consecutive wins versus Ohio State and Illinois. A loss at the hands of the Boilermakers would likely continue the downward spiral for the Badgers and they would finish the season with yet another unsatisfactory record. However, the way Wisconsin started the season (with the Big Ten’s leading offense), it’s also conceivable that the Badgers brush off the two losses and finish the season with a very impressive 10-2 record. All of the remaining games on the schedule should be wins for Wisconsin so long as they return to their beginning-of-the-season form. A mid-November date with Michigan is Wisconsin’s toughest remaining game, but they should be the favorite in the matchup because the game will be played at Camp Randall. Should the second scenario prevail and the Badgers finish the season on the upswing, the 2010 season will be looking very bright for Wisconsin. Tolzien, Clay and the young receiving corps led by sophomore Nick Toon have all showed enormous potential through the first five games of the season and will be returning in 2010. Both the offensive and defensive lines are very young (with the exception of senior defensive end O’Brien Schofield) as is the majority of Wisconsin’s secondary. A strong finish in 2009 will prove to the Big Ten that Wisconsin is truly one of its strongest members. Parody is certainly one of the major themes of the 2009 Big Ten season thus far. The traditional dominance asserted by Ohio State and Penn State no longer exists. Iowa, who started the season with a near loss to Northern Iowa, is in position to represent the conference in Pasadena. If Wisconsin can put the pieces together in their remaining games, they will be playing in a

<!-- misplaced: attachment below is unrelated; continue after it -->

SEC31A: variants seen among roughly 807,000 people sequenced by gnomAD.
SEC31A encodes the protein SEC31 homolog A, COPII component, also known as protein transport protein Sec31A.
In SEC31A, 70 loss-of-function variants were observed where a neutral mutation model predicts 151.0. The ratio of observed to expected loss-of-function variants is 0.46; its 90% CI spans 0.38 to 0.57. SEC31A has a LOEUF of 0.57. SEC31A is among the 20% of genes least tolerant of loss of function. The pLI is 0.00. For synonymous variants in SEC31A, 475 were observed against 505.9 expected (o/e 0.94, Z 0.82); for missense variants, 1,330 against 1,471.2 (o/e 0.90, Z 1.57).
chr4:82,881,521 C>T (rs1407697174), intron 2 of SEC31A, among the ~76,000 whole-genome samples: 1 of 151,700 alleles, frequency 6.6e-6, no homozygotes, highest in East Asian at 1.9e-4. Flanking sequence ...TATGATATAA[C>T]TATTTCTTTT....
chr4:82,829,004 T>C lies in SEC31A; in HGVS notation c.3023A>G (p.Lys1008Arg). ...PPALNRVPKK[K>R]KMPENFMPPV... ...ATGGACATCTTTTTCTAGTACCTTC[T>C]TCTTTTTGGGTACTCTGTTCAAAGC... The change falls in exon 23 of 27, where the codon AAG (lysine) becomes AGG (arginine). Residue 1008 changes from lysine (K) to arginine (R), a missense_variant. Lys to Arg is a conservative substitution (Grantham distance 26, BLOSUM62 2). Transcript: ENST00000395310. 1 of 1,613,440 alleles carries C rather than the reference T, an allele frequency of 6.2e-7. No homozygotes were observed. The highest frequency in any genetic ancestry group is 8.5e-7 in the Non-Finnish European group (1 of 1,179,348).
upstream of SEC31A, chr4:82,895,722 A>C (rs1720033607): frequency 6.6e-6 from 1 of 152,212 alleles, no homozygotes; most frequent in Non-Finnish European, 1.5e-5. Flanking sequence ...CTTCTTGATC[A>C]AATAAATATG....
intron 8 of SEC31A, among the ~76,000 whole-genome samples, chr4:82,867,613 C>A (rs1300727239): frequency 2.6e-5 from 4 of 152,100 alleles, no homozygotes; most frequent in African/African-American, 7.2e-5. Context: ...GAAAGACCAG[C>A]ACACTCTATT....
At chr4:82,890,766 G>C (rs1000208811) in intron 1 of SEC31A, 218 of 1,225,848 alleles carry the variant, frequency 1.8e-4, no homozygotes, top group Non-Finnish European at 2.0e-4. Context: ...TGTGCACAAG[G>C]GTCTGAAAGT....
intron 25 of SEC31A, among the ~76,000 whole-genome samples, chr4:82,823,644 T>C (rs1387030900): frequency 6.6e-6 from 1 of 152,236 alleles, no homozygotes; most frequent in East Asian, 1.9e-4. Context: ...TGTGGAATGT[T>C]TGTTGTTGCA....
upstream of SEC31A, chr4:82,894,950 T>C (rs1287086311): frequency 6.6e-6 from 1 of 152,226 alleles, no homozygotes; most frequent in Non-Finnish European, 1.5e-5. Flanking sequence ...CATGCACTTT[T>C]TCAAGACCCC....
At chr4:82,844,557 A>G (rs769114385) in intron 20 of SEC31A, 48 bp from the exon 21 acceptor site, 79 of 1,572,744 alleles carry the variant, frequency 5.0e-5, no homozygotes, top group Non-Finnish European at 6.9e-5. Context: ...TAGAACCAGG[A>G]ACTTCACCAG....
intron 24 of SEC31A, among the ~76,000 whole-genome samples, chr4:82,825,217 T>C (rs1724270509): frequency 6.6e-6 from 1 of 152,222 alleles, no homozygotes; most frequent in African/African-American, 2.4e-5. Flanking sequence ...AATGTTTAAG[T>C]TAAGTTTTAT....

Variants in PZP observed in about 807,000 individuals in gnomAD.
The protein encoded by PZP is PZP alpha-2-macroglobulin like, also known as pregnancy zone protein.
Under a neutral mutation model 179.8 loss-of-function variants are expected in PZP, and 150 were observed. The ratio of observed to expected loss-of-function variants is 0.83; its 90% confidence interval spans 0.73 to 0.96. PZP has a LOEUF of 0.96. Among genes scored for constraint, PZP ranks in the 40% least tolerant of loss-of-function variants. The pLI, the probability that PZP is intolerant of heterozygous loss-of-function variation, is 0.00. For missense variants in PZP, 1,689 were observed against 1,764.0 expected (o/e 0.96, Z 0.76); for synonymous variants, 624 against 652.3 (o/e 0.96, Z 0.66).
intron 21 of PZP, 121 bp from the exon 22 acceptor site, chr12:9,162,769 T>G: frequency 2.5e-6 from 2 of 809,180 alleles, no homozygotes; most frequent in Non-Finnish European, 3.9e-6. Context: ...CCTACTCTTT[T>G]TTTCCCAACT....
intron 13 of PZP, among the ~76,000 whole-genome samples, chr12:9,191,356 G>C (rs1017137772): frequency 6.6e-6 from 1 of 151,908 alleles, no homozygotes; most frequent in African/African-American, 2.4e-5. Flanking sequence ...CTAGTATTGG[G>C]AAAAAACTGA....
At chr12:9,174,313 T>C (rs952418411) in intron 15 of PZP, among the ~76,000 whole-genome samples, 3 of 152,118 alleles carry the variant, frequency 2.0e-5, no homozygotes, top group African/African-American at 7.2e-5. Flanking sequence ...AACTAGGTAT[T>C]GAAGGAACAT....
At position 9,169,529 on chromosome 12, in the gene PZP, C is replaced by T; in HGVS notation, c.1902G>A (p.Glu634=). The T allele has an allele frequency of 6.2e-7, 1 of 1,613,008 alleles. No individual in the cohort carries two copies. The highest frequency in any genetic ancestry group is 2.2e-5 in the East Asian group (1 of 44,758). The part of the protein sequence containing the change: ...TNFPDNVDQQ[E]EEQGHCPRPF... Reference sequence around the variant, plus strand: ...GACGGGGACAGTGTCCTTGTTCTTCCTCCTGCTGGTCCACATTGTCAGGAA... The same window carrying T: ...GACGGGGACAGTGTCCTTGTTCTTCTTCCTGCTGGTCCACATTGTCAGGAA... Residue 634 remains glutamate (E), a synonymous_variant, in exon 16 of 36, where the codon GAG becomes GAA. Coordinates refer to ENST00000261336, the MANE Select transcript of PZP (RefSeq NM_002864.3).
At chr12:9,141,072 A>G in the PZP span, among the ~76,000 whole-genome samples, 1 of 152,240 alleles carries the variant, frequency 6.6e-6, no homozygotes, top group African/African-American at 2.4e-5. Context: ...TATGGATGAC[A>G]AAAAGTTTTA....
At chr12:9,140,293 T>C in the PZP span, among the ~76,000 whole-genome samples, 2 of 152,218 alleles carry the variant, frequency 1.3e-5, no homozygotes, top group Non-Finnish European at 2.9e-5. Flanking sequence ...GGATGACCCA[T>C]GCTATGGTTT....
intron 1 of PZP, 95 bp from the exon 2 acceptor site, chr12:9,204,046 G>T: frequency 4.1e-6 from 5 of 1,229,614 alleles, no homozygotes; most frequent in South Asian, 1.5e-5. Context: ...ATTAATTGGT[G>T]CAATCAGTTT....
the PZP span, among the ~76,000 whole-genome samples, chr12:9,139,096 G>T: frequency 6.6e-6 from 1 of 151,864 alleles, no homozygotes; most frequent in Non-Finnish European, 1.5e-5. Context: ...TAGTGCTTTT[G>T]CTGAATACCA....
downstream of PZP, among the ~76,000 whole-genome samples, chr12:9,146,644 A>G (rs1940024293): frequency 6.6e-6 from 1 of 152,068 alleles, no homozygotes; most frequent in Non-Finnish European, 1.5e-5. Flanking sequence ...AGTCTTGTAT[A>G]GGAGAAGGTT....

respectable bowl game in 2009 and vying for a top spot in the conference in 2010. Wisconsin has already surpassed many of the expectations set forth by pundits before the 2009 season. Assuming history does not repeat itself, the Badgers will be in position to recover some of the respect they lost in 2008 and end 2009 on the upswing.


B4 Wisconsin vs. Purdue l

Better Know a Badger: Tight end Garrett Graham Class: Senior Eligibility: Senior Major: Sociology Hometown: Brick, New Jersey High School: Memorial Height: 6'3" Weight: 250 lbs. Most Memorable Athletic Moment: Catching his first touchdown pass against Washington State in 2007 Favorite Professional Athlete: Derek Jeter Favorite Professional Sports Team: New York Yankees 2009 Heisman Prediction: Florida quarterback Tim Tebow Halloween or Mifflin: Halloween Favorite late-night snack venue in Madison: Five Guys Best 2009 Performance: On September 26, Graham hauled in five receptions for 58 yards and three touchdowns in Wisconsin's 38-30 win over Michigan State


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Wisconsin vs. Purdue




B6 Wisconsin vs. Purdue l

SATURDAY’S BIG GAMES (25) Mississippi vs. Auburn, 11:20 a.m.


Conference standings begin to take shape ers in the conference. Minnesota’s Eric Decker currently ranks second in the conference with 758 yards, while Michigan State’s Blair White is right behind at 730. White leads the league with seven touchdowns catches, while Decker is tied for third with five. Look for both receivers to have big days in a game that should emulate the even nature of the Big Ten.

(19) Miami (FL) vs. Wake Forest, 2:30 p.m. Georgia vs. (1) Florida, 2:30 p.m. (3) Texas vs. (14) Oklahoma State, 7 p.m. (5) USC vs. (10) Oregon, 7 p.m.